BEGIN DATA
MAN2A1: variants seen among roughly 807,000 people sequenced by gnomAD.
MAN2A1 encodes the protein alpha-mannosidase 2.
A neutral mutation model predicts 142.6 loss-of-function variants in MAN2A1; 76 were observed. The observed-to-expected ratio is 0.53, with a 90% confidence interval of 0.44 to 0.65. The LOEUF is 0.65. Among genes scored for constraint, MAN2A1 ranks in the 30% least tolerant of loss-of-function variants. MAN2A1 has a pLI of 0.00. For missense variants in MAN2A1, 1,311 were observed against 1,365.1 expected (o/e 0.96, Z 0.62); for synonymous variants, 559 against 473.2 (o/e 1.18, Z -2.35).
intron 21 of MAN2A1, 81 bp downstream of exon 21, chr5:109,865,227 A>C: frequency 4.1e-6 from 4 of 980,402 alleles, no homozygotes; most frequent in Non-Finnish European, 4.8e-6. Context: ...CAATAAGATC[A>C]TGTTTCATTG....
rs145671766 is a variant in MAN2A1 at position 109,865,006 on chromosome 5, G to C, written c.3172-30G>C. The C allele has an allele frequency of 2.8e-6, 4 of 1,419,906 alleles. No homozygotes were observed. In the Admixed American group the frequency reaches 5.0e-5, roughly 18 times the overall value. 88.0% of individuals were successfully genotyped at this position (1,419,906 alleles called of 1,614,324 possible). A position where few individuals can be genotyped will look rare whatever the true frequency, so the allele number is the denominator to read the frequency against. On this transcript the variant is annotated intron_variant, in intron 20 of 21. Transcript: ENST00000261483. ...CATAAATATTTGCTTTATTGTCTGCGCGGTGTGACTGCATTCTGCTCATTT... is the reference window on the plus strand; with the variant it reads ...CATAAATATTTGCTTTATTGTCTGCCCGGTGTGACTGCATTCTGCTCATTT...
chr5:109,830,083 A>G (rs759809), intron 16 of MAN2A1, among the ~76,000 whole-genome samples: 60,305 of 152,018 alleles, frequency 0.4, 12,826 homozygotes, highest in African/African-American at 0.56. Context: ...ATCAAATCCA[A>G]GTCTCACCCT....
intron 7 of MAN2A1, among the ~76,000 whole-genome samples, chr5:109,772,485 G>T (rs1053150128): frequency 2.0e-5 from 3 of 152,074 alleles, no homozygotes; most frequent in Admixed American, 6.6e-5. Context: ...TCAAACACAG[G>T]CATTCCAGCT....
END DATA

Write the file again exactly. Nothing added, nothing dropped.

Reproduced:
MAN2A1: variants seen among roughly 807,000 people sequenced by gnomAD.
MAN2A1 encodes the protein alpha-mannosidase 2.
A neutral mutation model predicts 142.6 loss-of-function variants in MAN2A1; 76 were observed. The observed-to-expected ratio is 0.53, with a 90% confidence interval of 0.44 to 0.65. The LOEUF is 0.65. Among genes scored for constraint, MAN2A1 ranks in the 30% least tolerant of loss-of-function variants. MAN2A1 has a pLI of 0.00. For missense variants in MAN2A1, 1,311 were observed against 1,365.1 expected (o/e 0.96, Z 0.62); for synonymous variants, 559 against 473.2 (o/e 1.18, Z -2.35).
intron 21 of MAN2A1, 81 bp downstream of exon 21, chr5:109,865,227 A>C: frequency 4.1e-6 from 4 of 980,402 alleles, no homozygotes; most frequent in Non-Finnish European, 4.8e-6. Context: ...CAATAAGATC[A>C]TGTTTCATTG....
rs145671766 is a variant in MAN2A1 at position 109,865,006 on chromosome 5, G to C, written c.3172-30G>C. The C allele has an allele frequency of 2.8e-6, 4 of 1,419,906 alleles. No homozygotes were observed. In the Admixed American group the frequency reaches 5.0e-5, roughly 18 times the overall value. 88.0% of individuals were successfully genotyped at this position (1,419,906 alleles called of 1,614,324 possible). A position where few individuals can be genotyped will look rare whatever the true frequency, so the allele number is the denominator to read the frequency against. On this transcript the variant is annotated intron_variant, in intron 20 of 21. Transcript: ENST00000261483. ...CATAAATATTTGCTTTATTGTCTGCGCGGTGTGACTGCATTCTGCTCATTT... is the reference window on the plus strand; with the variant it reads ...CATAAATATTTGCTTTATTGTCTGCCCGGTGTGACTGCATTCTGCTCATTT...
chr5:109,830,083 A>G (rs759809), intron 16 of MAN2A1, among the ~76,000 whole-genome samples: 60,305 of 152,018 alleles, frequency 0.4, 12,826 homozygotes, highest in African/African-American at 0.56. Context: ...ATCAAATCCA[A>G]GTCTCACCCT....
intron 7 of MAN2A1, among the ~76,000 whole-genome samples, chr5:109,772,485 G>T (rs1053150128): frequency 2.0e-5 from 3 of 152,074 alleles, no homozygotes; most frequent in Admixed American, 6.6e-5. Context: ...TCAAACACAG[G>T]CATTCCAGCT....